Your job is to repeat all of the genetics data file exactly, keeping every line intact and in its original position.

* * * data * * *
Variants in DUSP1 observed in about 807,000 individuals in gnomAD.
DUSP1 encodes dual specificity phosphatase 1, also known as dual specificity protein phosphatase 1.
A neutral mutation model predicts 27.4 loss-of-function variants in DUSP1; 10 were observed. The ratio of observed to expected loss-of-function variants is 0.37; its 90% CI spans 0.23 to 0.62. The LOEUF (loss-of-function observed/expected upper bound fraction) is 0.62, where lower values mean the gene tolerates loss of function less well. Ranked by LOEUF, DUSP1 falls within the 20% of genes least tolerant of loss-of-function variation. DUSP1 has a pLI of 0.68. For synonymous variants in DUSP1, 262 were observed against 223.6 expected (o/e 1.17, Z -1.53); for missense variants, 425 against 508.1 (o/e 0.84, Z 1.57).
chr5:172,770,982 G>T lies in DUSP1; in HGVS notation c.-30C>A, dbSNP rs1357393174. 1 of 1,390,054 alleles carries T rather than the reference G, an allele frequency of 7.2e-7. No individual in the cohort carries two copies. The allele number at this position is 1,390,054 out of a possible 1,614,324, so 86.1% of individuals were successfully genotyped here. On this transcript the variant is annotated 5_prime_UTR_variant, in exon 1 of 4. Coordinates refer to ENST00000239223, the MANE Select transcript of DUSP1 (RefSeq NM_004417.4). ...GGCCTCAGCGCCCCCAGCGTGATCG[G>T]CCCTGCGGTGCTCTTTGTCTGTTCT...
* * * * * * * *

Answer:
Variants in DUSP1 observed in about 807,000 individuals in gnomAD.
DUSP1 encodes dual specificity phosphatase 1, also known as dual specificity protein phosphatase 1.
A neutral mutation model predicts 27.4 loss-of-function variants in DUSP1; 10 were observed. The ratio of observed to expected loss-of-function variants is 0.37; its 90% CI spans 0.23 to 0.62. The LOEUF (loss-of-function observed/expected upper bound fraction) is 0.62, where lower values mean the gene tolerates loss of function less well. Ranked by LOEUF, DUSP1 falls within the 20% of genes least tolerant of loss-of-function variation. DUSP1 has a pLI of 0.68. For synonymous variants in DUSP1, 262 were observed against 223.6 expected (o/e 1.17, Z -1.53); for missense variants, 425 against 508.1 (o/e 0.84, Z 1.57).
chr5:172,770,982 G>T lies in DUSP1; in HGVS notation c.-30C>A, dbSNP rs1357393174. 1 of 1,390,054 alleles carries T rather than the reference G, an allele frequency of 7.2e-7. No individual in the cohort carries two copies. The allele number at this position is 1,390,054 out of a possible 1,614,324, so 86.1% of individuals were successfully genotyped here. On this transcript the variant is annotated 5_prime_UTR_variant, in exon 1 of 4. Coordinates refer to ENST00000239223, the MANE Select transcript of DUSP1 (RefSeq NM_004417.4). ...GGCCTCAGCGCCCCCAGCGTGATCG[G>T]CCCTGCGGTGCTCTTTGTCTGTTCT...